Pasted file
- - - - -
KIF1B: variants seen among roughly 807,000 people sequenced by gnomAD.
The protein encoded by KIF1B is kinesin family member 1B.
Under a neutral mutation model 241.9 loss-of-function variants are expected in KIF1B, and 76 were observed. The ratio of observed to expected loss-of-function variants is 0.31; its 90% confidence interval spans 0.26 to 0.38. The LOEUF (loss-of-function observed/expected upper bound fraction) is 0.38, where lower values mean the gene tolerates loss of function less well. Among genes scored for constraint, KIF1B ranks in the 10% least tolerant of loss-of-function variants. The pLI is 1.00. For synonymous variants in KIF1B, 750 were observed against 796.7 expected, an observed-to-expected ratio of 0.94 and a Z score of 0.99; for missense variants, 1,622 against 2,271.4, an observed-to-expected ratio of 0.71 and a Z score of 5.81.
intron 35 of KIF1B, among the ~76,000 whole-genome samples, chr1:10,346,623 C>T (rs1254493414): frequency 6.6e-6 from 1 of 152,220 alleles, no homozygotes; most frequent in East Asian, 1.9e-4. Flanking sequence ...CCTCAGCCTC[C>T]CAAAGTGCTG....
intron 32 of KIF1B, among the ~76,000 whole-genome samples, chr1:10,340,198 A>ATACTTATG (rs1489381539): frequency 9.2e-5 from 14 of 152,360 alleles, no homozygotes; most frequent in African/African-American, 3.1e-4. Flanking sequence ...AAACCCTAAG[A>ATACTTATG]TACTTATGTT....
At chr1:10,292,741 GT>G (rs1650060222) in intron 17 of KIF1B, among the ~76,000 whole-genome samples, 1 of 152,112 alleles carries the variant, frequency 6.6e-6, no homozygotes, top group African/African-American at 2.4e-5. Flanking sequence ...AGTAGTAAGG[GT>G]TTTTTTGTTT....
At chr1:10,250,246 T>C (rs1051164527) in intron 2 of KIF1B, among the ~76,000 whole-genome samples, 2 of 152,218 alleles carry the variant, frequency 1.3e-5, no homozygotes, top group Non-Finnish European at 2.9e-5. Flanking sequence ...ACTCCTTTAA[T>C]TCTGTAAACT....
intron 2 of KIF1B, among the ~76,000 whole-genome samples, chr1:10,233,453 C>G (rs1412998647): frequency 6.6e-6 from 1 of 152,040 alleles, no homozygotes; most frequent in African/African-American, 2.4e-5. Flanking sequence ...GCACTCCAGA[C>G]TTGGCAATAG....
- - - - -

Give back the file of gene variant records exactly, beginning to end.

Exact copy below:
KIF1B: variants seen among roughly 807,000 people sequenced by gnomAD.
The protein encoded by KIF1B is kinesin family member 1B.
Under a neutral mutation model 241.9 loss-of-function variants are expected in KIF1B, and 76 were observed. The ratio of observed to expected loss-of-function variants is 0.31; its 90% confidence interval spans 0.26 to 0.38. The LOEUF (loss-of-function observed/expected upper bound fraction) is 0.38, where lower values mean the gene tolerates loss of function less well. Among genes scored for constraint, KIF1B ranks in the 10% least tolerant of loss-of-function variants. The pLI is 1.00. For synonymous variants in KIF1B, 750 were observed against 796.7 expected, an observed-to-expected ratio of 0.94 and a Z score of 0.99; for missense variants, 1,622 against 2,271.4, an observed-to-expected ratio of 0.71 and a Z score of 5.81.
intron 35 of KIF1B, among the ~76,000 whole-genome samples, chr1:10,346,623 C>T (rs1254493414): frequency 6.6e-6 from 1 of 152,220 alleles, no homozygotes; most frequent in East Asian, 1.9e-4. Flanking sequence ...CCTCAGCCTC[C>T]CAAAGTGCTG....
intron 32 of KIF1B, among the ~76,000 whole-genome samples, chr1:10,340,198 A>ATACTTATG (rs1489381539): frequency 9.2e-5 from 14 of 152,360 alleles, no homozygotes; most frequent in African/African-American, 3.1e-4. Flanking sequence ...AAACCCTAAG[A>ATACTTATG]TACTTATGTT....
At chr1:10,292,741 GT>G (rs1650060222) in intron 17 of KIF1B, among the ~76,000 whole-genome samples, 1 of 152,112 alleles carries the variant, frequency 6.6e-6, no homozygotes, top group African/African-American at 2.4e-5. Flanking sequence ...AGTAGTAAGG[GT>G]TTTTTTGTTT....
At chr1:10,250,246 T>C (rs1051164527) in intron 2 of KIF1B, among the ~76,000 whole-genome samples, 2 of 152,218 alleles carry the variant, frequency 1.3e-5, no homozygotes, top group Non-Finnish European at 2.9e-5. Flanking sequence ...ACTCCTTTAA[T>C]TCTGTAAACT....
intron 2 of KIF1B, among the ~76,000 whole-genome samples, chr1:10,233,453 C>G (rs1412998647): frequency 6.6e-6 from 1 of 152,040 alleles, no homozygotes; most frequent in African/African-American, 2.4e-5. Flanking sequence ...GCACTCCAGA[C>G]TTGGCAATAG....